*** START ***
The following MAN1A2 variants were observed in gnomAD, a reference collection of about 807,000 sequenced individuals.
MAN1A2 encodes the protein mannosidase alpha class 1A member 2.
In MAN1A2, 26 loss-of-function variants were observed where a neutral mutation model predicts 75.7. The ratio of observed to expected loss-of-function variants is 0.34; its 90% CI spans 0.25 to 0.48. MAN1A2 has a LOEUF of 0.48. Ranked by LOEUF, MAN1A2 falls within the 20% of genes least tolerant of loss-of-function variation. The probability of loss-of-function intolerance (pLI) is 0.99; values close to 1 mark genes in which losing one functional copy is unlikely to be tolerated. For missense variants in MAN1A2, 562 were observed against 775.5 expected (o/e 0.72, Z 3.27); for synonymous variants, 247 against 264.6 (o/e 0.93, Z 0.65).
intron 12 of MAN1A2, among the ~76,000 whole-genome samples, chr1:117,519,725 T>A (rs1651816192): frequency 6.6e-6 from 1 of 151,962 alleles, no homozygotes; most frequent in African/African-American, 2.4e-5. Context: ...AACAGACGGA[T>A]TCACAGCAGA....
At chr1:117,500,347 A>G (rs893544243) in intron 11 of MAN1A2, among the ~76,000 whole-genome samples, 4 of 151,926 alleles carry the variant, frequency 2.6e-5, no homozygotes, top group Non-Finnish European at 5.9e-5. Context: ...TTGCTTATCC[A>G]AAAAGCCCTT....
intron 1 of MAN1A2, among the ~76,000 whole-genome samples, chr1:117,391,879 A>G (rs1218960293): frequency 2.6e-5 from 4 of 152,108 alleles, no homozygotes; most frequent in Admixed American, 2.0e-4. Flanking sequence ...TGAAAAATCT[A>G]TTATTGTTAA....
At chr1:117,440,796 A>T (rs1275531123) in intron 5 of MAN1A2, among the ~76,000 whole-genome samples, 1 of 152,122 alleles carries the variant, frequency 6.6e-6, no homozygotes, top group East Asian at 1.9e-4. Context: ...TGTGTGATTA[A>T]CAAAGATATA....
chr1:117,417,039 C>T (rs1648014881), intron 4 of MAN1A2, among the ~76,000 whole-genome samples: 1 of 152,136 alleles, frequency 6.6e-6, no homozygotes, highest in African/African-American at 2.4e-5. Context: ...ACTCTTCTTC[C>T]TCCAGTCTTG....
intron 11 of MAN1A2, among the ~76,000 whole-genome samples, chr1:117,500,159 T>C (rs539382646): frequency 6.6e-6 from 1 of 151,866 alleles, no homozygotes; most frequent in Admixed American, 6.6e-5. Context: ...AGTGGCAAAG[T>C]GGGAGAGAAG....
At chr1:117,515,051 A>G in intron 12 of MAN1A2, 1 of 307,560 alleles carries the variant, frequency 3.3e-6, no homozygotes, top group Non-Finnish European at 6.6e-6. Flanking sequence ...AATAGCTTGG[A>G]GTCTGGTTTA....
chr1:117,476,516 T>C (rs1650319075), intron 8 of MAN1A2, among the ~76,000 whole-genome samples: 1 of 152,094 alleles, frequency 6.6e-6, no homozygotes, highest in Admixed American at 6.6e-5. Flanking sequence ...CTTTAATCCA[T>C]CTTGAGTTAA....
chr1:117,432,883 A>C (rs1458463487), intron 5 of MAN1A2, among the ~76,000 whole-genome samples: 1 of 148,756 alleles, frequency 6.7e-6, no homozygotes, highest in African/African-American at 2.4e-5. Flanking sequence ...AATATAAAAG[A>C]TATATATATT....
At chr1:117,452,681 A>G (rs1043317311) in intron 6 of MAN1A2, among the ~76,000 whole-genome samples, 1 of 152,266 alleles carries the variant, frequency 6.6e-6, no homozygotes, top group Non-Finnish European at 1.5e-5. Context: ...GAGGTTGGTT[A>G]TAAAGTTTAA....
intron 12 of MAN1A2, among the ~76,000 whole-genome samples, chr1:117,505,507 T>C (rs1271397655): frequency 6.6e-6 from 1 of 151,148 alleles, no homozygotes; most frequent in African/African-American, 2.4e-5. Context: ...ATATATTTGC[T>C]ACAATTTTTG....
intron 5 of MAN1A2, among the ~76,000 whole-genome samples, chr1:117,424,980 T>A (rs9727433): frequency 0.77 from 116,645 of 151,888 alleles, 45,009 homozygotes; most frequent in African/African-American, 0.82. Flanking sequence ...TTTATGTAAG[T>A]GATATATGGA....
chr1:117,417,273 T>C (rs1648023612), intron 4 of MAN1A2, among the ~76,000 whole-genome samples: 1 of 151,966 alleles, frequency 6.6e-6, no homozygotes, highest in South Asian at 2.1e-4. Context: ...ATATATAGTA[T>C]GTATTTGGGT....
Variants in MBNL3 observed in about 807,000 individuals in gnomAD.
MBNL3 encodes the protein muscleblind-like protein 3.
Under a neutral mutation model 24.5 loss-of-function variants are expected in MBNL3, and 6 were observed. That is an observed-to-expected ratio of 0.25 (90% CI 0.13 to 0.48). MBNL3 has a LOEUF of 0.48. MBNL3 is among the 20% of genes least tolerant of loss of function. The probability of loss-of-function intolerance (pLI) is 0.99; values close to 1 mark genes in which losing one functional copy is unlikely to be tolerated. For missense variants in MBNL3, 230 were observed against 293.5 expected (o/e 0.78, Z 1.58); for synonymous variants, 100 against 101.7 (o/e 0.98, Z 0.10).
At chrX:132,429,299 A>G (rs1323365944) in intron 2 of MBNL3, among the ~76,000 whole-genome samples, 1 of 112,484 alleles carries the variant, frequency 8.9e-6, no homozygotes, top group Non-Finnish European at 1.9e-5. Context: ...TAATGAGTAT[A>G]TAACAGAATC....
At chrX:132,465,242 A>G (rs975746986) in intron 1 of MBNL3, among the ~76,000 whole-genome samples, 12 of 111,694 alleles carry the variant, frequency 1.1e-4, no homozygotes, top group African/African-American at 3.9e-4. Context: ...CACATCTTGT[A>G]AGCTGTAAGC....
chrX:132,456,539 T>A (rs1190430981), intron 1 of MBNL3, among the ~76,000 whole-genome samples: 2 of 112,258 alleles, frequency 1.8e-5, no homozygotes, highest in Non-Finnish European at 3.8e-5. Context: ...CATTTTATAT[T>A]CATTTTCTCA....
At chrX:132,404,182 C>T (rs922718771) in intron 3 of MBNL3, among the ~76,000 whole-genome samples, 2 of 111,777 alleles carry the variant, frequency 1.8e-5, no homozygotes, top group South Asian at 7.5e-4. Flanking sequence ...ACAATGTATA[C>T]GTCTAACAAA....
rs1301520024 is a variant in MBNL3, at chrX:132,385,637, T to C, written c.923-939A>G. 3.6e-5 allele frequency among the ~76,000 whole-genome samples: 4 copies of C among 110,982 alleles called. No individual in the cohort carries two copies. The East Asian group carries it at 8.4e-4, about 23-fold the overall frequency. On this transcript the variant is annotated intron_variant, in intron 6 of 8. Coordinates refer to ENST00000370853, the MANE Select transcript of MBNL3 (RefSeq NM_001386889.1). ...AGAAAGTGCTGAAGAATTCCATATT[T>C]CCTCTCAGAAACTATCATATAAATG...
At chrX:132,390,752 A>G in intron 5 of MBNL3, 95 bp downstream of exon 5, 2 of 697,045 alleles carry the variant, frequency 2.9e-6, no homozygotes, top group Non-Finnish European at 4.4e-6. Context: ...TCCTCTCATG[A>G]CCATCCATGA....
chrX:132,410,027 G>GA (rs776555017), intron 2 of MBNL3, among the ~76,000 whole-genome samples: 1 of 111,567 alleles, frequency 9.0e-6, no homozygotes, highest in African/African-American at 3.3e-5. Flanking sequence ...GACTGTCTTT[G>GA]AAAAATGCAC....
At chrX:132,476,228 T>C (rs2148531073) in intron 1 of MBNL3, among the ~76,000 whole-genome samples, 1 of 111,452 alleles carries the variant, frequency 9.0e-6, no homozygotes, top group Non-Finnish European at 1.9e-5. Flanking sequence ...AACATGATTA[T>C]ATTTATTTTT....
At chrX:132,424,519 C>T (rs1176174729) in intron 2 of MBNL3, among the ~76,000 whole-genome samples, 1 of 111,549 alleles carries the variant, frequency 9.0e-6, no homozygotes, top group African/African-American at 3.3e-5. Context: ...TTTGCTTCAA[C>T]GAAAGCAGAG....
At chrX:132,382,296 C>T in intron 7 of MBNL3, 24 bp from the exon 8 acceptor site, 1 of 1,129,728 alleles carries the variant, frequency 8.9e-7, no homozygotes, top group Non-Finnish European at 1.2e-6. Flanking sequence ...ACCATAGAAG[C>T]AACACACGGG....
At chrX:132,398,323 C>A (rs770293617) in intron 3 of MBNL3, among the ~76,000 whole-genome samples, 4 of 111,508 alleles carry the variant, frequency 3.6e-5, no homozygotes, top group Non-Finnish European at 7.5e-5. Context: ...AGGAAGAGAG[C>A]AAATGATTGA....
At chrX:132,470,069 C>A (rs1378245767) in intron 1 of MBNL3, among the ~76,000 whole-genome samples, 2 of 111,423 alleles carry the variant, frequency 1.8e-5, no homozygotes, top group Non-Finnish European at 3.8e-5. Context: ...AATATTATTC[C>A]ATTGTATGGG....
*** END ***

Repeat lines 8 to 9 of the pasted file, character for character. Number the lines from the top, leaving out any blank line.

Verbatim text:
chr1:117,417,039 C>T (rs1648014881), intron 4 of MAN1A2, among the ~76,000 whole-genome samples: 1 of 152,136 alleles, frequency 6.6e-6, no homozygotes, highest in African/African-American at 2.4e-5. Context: ...ACTCTTCTTC[C>T]TCCAGTCTTG....
intron 11 of MAN1A2, among the ~76,000 whole-genome samples, chr1:117,500,159 T>C (rs539382646): frequency 6.6e-6 from 1 of 151,866 alleles, no homozygotes; most frequent in Admixed American, 6.6e-5. Context: ...AGTGGCAAAG[T>C]GGGAGAGAAG....